It was nice to bookend this year's PuSh Festival with another international take on King Lear, this time a one-man version from Taiwan's Contemporary Legend Theatre, featuring Master Wu Hsing-Kuo in a virtuoso performance that mixes traditional Peking Opera singing and dancing with more contemporary martial arts and Western theatre techniques.
Wu tells Lear's story in three parts. In the first, "The Play," we are plunged immediately into the heart of the protagonist's megalomaniacal madness. In the second, "The Playing," we witness Wu's performative transformation between several roles, including the Fool, all three daughters, and a stunningly accomplished and very moving alternation between Edgar and his now-blind and repentant father, Gloucester. Finally, in "The Player," things are stripped down to reveal the actor behind the role, with Wu's own relationship to the play, its parts, and his own art the focus of deconstructive analysis.
A co-presentation with the Asian-Canadian Special Events Association and Taiwanfest, it was wonderful to see the cavernous Centre on Homer Street filled with so many audience members appreciative of this fusion of forms. It was also an honour to meet Master Wu and his wife at a reception after the show.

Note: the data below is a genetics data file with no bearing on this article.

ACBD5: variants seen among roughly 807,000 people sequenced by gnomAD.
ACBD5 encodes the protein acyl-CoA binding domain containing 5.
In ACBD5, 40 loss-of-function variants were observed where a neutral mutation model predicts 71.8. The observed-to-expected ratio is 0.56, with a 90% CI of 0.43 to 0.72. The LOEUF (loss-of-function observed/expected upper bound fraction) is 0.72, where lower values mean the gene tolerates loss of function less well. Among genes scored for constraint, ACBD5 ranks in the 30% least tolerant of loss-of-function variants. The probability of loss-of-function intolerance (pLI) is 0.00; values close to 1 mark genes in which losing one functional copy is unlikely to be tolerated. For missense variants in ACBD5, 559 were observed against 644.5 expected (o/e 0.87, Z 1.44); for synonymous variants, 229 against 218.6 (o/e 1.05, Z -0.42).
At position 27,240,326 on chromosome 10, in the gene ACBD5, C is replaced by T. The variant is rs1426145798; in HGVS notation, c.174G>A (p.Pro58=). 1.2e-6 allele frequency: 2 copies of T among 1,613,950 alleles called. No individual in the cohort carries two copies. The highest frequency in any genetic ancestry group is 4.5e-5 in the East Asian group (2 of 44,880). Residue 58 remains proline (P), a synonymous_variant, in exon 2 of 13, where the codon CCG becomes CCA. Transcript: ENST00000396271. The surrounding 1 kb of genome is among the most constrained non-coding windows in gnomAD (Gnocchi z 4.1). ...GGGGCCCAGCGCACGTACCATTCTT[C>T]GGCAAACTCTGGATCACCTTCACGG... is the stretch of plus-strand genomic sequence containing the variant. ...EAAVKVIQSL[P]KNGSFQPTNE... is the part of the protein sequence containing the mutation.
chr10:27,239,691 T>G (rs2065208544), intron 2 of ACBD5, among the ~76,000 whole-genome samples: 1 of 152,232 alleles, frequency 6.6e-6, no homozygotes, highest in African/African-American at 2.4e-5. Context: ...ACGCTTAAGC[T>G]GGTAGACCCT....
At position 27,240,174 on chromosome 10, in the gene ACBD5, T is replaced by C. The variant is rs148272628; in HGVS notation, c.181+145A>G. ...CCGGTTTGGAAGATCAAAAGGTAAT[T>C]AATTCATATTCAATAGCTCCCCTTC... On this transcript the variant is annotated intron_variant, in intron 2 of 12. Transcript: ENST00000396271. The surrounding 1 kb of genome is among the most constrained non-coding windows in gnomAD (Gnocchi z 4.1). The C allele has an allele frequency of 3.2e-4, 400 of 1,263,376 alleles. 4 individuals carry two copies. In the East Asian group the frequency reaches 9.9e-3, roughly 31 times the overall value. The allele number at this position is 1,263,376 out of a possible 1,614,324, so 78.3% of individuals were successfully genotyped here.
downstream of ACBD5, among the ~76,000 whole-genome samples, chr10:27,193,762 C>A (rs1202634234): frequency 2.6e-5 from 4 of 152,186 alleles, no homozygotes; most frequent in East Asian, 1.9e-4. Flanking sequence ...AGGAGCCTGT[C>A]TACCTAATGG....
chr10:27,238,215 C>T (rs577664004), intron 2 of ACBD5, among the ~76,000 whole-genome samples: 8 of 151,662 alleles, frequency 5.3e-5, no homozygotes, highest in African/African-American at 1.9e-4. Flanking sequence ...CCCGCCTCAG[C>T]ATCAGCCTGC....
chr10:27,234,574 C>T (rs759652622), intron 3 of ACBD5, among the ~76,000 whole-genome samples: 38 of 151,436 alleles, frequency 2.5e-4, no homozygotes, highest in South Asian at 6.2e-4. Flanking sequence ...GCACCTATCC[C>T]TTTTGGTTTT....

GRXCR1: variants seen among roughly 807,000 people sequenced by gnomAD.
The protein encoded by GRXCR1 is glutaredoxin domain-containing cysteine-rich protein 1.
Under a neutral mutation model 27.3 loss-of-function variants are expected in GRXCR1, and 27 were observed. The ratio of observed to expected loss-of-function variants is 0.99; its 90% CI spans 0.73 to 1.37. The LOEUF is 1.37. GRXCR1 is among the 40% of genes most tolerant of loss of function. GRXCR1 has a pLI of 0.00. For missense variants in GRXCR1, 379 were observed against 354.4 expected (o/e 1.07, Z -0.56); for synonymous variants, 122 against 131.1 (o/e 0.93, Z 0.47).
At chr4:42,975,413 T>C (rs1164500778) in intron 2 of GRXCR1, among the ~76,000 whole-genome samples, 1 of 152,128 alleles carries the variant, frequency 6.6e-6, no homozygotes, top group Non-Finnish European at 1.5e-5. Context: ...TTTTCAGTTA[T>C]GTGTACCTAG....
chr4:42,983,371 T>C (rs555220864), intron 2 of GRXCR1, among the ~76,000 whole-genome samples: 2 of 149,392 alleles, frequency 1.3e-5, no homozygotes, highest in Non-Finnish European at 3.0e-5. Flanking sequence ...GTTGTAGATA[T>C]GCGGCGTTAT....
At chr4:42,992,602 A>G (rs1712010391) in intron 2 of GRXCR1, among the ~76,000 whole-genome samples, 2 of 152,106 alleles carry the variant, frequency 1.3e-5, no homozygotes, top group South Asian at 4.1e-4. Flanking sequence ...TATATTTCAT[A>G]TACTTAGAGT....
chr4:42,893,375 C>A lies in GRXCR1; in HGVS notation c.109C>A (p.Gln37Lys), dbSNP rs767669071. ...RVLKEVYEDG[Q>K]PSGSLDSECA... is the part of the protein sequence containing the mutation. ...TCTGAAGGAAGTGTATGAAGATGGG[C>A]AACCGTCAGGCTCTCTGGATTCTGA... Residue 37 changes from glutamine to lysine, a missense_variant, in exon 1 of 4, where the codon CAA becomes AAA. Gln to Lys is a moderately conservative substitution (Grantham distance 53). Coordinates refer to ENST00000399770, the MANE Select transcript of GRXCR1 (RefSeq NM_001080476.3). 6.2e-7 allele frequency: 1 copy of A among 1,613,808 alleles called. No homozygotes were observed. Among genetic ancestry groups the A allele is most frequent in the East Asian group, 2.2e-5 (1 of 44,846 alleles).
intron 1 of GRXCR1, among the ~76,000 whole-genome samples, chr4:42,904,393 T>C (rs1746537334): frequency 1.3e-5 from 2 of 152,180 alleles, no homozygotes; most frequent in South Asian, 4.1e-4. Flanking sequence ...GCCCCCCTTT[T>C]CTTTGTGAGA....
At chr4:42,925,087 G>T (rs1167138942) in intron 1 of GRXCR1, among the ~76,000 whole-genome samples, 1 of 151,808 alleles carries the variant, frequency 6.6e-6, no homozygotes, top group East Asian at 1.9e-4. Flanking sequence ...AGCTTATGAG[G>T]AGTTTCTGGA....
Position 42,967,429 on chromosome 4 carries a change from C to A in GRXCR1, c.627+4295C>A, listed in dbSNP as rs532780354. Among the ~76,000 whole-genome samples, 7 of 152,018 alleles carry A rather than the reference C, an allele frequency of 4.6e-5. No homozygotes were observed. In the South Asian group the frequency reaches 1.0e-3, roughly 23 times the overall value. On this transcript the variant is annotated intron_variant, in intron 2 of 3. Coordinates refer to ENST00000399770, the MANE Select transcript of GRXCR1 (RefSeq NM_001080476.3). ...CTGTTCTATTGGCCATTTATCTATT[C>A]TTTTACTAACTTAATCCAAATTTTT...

Then it was off to Club PuSh with Richard and PuSh Development Manager Jocelyn Macdougall for the Festival's closing party, always a riotously fun, karaoke-filled good time. We didn't stay long, but long enough to see Jocelyn and Human Library curator Dave Deveau kill their songs; to witness the cast of Ride the Cyclone each take a turn at the mike (and the cast of Prudencia a turn at the bar); to shake Martin Chaput's hand and have a brief word with Marcus Youssef; to debrief on the Club's successes with co-curator Tim Carlson; to greet Juniper Shuey in the lobby and talk with him about how taken he was with Winners and Losers; to speak briefly with Sad Sack, By Night curator Vanessa Kwan; and to give Executive Director Norman Armour a bear hug when exiting.
Twenty days, seventeen shows, eight receptions, four speeches, one talkback, and too many amazing moments of pure performance magic to count. I'm absolutely exhausted, but already I can't wait till next year--our 10th anniversary.
See you there.